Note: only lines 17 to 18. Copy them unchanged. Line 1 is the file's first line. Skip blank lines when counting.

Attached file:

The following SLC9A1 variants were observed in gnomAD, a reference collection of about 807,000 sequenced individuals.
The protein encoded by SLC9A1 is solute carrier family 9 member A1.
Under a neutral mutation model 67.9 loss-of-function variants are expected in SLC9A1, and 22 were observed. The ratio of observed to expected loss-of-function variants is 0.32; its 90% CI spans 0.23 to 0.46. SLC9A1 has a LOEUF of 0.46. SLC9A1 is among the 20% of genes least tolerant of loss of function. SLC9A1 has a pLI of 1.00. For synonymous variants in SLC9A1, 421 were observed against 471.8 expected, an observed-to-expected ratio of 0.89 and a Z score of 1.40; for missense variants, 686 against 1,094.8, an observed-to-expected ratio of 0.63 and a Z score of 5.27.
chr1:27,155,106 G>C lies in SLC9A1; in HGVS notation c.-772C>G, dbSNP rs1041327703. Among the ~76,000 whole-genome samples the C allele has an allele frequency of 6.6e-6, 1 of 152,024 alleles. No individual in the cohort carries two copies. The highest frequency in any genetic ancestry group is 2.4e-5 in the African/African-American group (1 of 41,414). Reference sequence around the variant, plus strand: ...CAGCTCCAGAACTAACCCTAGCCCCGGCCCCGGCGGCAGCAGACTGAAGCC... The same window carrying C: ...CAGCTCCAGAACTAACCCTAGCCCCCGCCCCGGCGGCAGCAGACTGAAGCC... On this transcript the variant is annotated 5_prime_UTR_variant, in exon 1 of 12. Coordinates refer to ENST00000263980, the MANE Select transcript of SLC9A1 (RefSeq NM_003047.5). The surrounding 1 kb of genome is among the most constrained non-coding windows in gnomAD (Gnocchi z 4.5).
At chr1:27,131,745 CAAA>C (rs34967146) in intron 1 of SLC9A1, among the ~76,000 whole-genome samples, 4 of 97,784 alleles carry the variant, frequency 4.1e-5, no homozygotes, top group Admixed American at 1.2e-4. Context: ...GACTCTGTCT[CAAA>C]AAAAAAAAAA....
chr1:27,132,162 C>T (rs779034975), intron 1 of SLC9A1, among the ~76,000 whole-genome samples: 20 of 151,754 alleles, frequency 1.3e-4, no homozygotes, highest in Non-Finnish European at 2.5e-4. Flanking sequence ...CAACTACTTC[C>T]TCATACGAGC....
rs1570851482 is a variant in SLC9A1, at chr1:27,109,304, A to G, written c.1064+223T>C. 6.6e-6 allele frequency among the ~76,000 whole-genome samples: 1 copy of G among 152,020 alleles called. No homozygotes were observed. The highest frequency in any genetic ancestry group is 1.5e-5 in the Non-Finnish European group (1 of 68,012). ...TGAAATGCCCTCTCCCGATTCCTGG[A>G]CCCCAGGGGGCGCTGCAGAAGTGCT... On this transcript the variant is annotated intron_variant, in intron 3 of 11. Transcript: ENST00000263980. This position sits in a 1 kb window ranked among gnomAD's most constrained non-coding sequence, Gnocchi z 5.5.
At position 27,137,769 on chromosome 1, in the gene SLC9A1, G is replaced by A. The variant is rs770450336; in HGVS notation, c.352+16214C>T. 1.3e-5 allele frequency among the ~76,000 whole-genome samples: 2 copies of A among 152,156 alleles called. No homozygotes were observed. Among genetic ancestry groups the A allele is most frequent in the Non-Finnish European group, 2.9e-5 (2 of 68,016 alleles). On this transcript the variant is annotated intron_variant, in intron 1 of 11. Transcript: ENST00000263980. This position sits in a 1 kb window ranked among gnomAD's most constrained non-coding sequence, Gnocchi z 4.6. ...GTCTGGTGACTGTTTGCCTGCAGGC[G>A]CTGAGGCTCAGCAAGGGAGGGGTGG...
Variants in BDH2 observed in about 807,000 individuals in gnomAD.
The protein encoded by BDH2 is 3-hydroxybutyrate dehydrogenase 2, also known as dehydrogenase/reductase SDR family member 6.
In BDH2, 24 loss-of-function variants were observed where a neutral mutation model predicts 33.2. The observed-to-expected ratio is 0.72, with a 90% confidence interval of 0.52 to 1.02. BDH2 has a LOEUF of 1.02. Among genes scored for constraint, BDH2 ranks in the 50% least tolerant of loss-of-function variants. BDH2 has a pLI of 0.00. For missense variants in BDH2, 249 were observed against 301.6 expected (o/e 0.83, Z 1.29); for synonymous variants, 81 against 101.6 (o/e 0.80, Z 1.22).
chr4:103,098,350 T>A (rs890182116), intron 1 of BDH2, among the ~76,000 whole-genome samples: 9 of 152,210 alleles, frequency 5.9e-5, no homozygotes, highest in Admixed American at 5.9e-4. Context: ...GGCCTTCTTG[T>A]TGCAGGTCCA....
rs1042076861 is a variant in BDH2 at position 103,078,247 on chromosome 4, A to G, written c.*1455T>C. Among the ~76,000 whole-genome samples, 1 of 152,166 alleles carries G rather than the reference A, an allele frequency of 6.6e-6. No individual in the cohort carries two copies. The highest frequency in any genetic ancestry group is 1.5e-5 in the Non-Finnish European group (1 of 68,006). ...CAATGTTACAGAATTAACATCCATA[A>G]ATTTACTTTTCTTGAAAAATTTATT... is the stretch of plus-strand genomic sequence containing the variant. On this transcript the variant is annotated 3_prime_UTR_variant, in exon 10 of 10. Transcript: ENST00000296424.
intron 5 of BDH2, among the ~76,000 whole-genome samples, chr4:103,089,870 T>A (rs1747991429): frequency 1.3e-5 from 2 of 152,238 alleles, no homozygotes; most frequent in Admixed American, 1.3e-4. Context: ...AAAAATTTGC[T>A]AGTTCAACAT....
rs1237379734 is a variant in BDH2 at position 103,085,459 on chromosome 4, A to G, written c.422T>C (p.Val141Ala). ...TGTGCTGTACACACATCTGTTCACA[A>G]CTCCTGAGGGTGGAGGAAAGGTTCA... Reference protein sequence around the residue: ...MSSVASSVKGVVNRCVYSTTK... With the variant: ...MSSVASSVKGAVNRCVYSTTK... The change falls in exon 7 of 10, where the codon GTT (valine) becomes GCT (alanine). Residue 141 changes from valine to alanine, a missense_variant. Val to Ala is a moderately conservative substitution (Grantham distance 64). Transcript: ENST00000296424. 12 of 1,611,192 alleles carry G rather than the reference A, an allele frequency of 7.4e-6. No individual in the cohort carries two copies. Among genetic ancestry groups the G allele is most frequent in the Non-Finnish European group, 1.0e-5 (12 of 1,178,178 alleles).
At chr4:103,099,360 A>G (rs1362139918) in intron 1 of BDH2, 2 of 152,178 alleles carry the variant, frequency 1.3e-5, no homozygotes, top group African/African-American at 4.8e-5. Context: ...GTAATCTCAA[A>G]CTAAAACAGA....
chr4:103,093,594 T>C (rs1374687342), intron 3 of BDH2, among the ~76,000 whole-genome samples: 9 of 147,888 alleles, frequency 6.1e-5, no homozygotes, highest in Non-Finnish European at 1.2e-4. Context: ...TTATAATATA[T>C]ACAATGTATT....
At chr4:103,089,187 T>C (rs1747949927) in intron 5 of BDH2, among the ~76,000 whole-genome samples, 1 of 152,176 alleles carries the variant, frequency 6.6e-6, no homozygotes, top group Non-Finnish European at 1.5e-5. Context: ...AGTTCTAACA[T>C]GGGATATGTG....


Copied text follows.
chr4:103,093,594 T>C (rs1374687342), intron 3 of BDH2, among the ~76,000 whole-genome samples: 9 of 147,888 alleles, frequency 6.1e-5, no homozygotes, highest in Non-Finnish European at 1.2e-4. Context: ...TTATAATATA[T>C]ACAATGTATT....
At chr4:103,089,187 T>C (rs1747949927) in intron 5 of BDH2, among the ~76,000 whole-genome samples, 1 of 152,176 alleles carries the variant, frequency 6.6e-6, no homozygotes, top group Non-Finnish European at 1.5e-5. Context: ...AGTTCTAACA[T>C]GGGATATGTG....